Clinical governance in private hospitals

‘How safe is your operation’ (BBC Panorama, 16.10.17) questions safety of surgical procedures in private sector.

Prof. Wishart, CMO at Check4Cancer discusses whether failures in clinical governance are restricted to the private sector.

 ‘How safe is your operation’ (BBC Panorama, 16.10.17) has questioned the safety of having surgical procedures in the private sector. This is not surprising given the recent criminal and civil litigation of Ian Paterson, the Birmingham-based breast surgeon, for harm caused to hundreds of patients over an 18-year period. Many viewers however, might have been misled into thinking that the failures of clinical governance and lack of outcome data as presented in this programme are restricted only to the private sector. In the case of Paterson these failures extended across both NHS and private sectors, with a lack of communication between senior management on both sides, and it is too simple to conclude that the private sector may be less safe as there is less data available. In fact, as a consultant breast surgeon I am aware that most NHS breast units do not record their local recurrence or survival data, both key outcome measures in my specialty. It is clear to me that many surgical specialties require to improve data collection so that patients can be reassured that they are in safe hands, whether as a NHS or private patient.

Since the introduction of annual NHS appraisal for all consultants from 2001 onwards, private hospitals have relied on the NHS appraisal summary to ensure the fitness to practice of consultant surgeons who see private patients at their facility. The Kennedy Report highlighted many failing in the NHS appraisal of Ian Paterson from 2001-2011, with little evidence of a formal appraisal process, and as a result the private hospitals where he worked received little more than a letter to say that the appraisal had been satisfactory. While I agree that the transfer of the appraisal summary from NHS to private sector should continue, my own view is that the private healthcare providers should also introduce their own appraisal or performance development process that is focused only on that consultant’s private practice. If combined with a random case notes review, much of Paterson’s malpractice would have come to light sooner.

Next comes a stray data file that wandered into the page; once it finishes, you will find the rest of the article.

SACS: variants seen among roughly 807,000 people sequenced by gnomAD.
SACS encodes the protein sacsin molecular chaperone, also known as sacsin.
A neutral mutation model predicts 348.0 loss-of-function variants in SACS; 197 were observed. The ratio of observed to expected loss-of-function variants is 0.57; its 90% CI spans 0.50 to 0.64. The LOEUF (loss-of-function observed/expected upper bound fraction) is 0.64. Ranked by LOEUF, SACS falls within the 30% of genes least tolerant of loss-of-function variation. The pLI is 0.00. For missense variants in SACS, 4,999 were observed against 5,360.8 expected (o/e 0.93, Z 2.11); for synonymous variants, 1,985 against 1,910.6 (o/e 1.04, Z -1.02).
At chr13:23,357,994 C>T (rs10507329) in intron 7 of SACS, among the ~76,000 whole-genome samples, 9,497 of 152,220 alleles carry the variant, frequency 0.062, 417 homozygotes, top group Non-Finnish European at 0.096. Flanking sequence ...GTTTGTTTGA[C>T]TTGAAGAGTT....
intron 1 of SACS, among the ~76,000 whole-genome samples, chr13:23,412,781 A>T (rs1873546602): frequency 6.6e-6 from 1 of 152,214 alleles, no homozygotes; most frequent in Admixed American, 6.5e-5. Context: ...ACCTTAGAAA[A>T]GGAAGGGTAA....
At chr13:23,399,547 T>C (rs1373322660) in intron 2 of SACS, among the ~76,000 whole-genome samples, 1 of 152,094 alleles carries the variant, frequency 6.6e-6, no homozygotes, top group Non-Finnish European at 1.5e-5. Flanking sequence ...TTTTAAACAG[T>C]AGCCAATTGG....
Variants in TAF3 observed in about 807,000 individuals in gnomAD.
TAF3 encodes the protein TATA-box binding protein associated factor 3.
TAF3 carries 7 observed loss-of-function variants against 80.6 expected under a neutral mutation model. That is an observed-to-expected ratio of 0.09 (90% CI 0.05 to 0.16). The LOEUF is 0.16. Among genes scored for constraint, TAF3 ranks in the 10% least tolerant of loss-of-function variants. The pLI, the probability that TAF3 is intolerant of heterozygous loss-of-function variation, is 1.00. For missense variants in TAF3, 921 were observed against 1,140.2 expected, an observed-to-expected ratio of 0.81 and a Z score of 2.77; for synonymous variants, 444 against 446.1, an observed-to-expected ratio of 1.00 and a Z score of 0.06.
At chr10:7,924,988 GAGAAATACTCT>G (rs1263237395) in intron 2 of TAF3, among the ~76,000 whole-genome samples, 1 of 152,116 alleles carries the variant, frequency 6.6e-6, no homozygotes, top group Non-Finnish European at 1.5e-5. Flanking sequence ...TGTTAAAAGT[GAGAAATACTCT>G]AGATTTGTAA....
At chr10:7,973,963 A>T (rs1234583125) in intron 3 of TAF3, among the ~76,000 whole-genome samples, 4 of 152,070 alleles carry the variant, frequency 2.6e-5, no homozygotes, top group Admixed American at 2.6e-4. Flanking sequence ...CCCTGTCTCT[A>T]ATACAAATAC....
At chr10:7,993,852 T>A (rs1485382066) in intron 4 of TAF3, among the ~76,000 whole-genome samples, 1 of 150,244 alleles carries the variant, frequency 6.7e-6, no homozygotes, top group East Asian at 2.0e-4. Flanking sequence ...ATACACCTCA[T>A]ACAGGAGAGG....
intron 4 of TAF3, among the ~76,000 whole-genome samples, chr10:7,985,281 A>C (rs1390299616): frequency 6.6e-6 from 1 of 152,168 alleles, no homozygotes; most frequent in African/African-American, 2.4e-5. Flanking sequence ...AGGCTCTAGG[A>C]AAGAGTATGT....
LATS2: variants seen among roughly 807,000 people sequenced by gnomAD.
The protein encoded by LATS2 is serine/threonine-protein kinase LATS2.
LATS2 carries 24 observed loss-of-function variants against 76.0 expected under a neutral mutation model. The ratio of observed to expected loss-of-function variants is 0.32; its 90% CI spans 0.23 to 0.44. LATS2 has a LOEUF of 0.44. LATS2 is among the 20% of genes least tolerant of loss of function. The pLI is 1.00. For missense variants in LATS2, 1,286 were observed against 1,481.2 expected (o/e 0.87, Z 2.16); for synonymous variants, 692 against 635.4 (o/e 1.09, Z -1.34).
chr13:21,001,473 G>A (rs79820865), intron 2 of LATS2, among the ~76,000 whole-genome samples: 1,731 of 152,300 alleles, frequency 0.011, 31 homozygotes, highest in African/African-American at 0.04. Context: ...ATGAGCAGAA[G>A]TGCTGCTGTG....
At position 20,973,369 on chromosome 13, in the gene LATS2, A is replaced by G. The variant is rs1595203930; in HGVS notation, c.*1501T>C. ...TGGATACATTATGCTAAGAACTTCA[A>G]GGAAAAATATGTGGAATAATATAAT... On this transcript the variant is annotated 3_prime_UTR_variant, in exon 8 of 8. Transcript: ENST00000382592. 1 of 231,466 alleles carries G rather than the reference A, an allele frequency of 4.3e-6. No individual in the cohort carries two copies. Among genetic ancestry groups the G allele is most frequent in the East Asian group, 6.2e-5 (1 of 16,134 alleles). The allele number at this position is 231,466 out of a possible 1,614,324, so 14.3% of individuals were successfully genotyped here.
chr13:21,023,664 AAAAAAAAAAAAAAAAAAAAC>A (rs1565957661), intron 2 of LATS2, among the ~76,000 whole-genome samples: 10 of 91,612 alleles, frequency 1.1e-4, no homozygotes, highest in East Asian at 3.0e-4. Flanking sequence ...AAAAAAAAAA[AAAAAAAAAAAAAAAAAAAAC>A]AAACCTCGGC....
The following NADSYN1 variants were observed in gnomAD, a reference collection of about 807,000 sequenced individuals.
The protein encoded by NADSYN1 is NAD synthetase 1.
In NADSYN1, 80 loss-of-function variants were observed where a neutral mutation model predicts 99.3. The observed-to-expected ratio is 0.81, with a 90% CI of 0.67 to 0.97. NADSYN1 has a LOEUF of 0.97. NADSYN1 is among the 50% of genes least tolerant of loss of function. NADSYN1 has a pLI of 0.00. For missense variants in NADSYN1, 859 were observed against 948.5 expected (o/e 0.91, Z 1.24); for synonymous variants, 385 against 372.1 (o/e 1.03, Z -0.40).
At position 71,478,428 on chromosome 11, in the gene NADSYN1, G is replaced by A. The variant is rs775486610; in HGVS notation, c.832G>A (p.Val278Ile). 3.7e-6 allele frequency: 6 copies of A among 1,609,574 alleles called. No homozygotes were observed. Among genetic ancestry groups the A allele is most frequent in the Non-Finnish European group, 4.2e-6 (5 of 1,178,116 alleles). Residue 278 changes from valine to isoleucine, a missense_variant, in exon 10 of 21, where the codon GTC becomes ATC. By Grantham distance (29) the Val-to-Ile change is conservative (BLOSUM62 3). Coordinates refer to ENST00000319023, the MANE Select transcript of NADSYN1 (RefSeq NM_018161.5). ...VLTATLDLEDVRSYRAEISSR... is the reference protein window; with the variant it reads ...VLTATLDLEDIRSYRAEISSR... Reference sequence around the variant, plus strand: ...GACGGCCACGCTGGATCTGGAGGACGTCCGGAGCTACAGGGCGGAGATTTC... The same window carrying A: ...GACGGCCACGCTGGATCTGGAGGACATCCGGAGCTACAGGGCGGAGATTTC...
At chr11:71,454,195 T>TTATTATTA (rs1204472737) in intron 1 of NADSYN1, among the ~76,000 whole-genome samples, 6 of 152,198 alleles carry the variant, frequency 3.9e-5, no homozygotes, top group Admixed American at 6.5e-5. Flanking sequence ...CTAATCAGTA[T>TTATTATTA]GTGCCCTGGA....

Strong clinical governance of any clinical service relies on accountability of those managing and delivering that service, as well as audit data to ensure that the service is safe and effective. I will leave the issue of vicarious liability, and whether private hospitals should be accountable for any substandard care provided by consultants who have practising privileges in that hospital, to the legal profession. However, I think the time has come for insurers and healthcare providers to take more responsibility to ensure that their insured members treated in private hospitals receive clinical best practice by auditing clinical pathways. To address this failing, my own company, Check4Cancer, has introduced a national network of One Stop diagnostic breast clinics through our BreastHealth UK brand, with audit of the diagnostic process including breast imaging performed and biopsy results. This pathway is now being used by several major UK PMI companies as well as self-funding patients, and a similar protocol for skin cancer diagnosis has now been established by SkinHealth UK.

The Calman-Hine report (1995) established the infrastructure for the creation of cancer units and cancer centres in order to ensure that best practice is available to all cancer patients. More than twenty years later there is still much to do in both NHS and private sectors to level the playing field, and ensure that clinical excellence is available to all not just the few.

Professor Gordon Wishart

Chief Medical Officer of Check4Cancer

Professor of Cancer Surgery at Anglia Ruskin University